• 79°

Tiny speck in a great creation

Wow. If you haven't seen it, you should try to take a trip to the Grand Canyon.

I only saw one little bit of it n it's almost 300 miles long and I only saw about 10 miles of it n but that little bit was breathtaking. One of the most misused words in the English language is "awesome", used excessively by young people to denote anything that isn't mind-numbingly boring to them, but the Grand Canyon is awesome.

I'm not prone to mysticism or religious fervor, but standing on the rim of the Grand Canyon really does make you think about God the Creator and what He was thinking when He carved this magnificent formation into the dessert floor.

And just down the road, so to speak, is something else that can induce awe for those who have yet to see the Grand Canyon n the Hoover Dam. A testament to the wonders we humans can create when we put our hearts and minds into the task, the Hoover Dam is truly a manmade wonder.

During our Vegas vacation last week, Kim and I took a bus tour to the Grand Canyon that first took us to the Hoover Dam, which happens to be on the way. I must have taken the equivalent of a roll of film just on the desert vista. I'd always wanted to see the desert, maybe because of all the Cowboy & Indian movies I saw as a kid. It's beautiful. Don't get me wrong, I like the lush forests and fields of my home state, but the desert makes the world seem such a huge place while our verdant green landscape restricts our vision and makes the world seem manageable.

The desert sky is bigger, the horizon farther away, and even though there are visible mountains in every direction you turn, this landscape makes you feel like a tiny speck in this great creation. Here, your ego is not so minimized and you feel bigger than you really are.

At any rate, it was a great trip. First we saw some real Nevada towns, onward to the Hoover Dam, through those great desert views, including a Joshua Tree forest, down a bumpy dirt road through a mountain pass, and onward to the Hualapai Tribal reservation where part of the Grand Canyon is located, and then to viewing sites on tours organized by members of the tribe.

Did you know that the Grand Canyon actually resides on the tribal grounds of several different Indian tribes? I just figured it was a national park kind of deal, but you can only see the Grand Canyon if you get permission from these tribes.

I'm not going to try to describe what we saw. The tiny section of the Grand Canyon we saw, the West Rim, was simply breathtaking. The enormity of it, the subtle desert colors, the chiseled-looking rock formations…magnificent.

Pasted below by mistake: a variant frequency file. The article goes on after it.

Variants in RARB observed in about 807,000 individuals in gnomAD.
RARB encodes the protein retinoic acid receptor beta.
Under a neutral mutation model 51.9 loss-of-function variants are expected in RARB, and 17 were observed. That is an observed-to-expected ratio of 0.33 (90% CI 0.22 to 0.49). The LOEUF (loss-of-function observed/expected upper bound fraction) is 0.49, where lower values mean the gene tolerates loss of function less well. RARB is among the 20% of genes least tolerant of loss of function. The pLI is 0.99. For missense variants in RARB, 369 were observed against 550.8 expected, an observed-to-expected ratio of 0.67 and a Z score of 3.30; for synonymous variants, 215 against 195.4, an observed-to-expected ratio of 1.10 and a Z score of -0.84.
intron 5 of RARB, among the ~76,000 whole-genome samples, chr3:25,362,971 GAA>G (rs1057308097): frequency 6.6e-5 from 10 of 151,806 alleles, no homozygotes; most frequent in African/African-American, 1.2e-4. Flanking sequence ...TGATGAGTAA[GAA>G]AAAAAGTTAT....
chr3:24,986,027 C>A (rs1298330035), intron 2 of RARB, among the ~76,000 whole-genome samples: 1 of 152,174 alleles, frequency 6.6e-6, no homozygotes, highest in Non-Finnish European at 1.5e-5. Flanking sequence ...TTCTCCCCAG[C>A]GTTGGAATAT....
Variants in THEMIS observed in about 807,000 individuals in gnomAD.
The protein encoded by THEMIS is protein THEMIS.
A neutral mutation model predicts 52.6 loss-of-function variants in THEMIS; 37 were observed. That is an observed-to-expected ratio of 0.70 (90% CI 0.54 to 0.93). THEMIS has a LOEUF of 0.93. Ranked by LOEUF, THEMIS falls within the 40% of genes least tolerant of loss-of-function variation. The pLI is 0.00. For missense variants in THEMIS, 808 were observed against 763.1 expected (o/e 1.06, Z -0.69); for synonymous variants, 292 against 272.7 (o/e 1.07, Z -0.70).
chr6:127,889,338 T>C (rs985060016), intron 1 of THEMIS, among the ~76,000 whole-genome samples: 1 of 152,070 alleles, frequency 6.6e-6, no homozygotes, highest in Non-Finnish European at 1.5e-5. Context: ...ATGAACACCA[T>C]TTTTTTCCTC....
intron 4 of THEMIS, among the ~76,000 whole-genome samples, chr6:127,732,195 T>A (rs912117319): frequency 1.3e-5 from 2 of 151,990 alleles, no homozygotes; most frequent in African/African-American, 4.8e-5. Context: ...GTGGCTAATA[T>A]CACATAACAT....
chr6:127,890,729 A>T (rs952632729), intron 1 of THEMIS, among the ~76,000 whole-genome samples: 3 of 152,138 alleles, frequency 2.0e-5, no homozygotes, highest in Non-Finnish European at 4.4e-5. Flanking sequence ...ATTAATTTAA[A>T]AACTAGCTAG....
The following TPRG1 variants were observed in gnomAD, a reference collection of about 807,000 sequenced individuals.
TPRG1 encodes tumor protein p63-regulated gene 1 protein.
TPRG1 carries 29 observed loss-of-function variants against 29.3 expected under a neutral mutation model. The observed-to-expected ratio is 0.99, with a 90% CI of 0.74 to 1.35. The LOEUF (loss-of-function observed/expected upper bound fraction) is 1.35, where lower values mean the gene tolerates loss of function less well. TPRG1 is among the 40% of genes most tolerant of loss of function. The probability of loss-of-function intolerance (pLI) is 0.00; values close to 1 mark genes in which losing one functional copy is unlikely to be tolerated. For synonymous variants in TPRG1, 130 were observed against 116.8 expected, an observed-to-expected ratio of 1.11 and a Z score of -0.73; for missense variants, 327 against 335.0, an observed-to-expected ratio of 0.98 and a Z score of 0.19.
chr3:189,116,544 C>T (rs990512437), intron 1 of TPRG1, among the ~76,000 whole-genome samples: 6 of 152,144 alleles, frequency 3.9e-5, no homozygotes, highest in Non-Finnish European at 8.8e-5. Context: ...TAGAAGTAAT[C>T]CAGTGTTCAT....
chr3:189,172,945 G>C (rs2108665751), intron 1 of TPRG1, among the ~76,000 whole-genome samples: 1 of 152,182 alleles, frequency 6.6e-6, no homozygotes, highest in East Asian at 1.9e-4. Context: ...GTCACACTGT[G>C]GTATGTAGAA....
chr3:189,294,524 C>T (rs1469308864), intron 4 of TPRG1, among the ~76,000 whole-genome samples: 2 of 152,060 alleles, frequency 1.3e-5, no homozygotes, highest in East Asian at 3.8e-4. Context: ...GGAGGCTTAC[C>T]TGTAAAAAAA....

I hope to go back one day to see more. Other vantage points, our guide told us, look very different from the one we saw. We, for example, could clearly see the other side of the canyon and could see the very green river down below, but at other vantage points you can't seen the river or the other side because it is so wide and deep. Apparently the color of the rock is different at other vantage points.

Some of the brochures we saw said the South Rim is the most beautiful. I don't know if I could have taken that. I was mighty impressed by the West Rim.

I was hot the day we went, but not so bad. With temps below 105 in late July, our guide told us it was a perfect day in the desert. It's usually over 110 degrees this time of year, but as we all know, there is no humidity. For those wondering what that's like, I'll try to describe it. Yeah, you feel the heat of the sun bearing down on you, but you're not the least bit sweaty. If you reach up to wipe your brow, you'll find it perfectly dry. It's not uncomfortable, you're not clammy or sticky, and if you've got plenty of water to keep hydrated, it's a great climate.

It's true what they say, "It's not the heat; it's the humidity."

If you get a chance to visit the Grand Canyon, take it. Believe me, it's worth the trip. The Nevada and Arizona desert region is a whole ‘nother world than the one in Eastern North Carolina. Not better, not worse, just different and very, very interesting. And, in spots, totally awesome.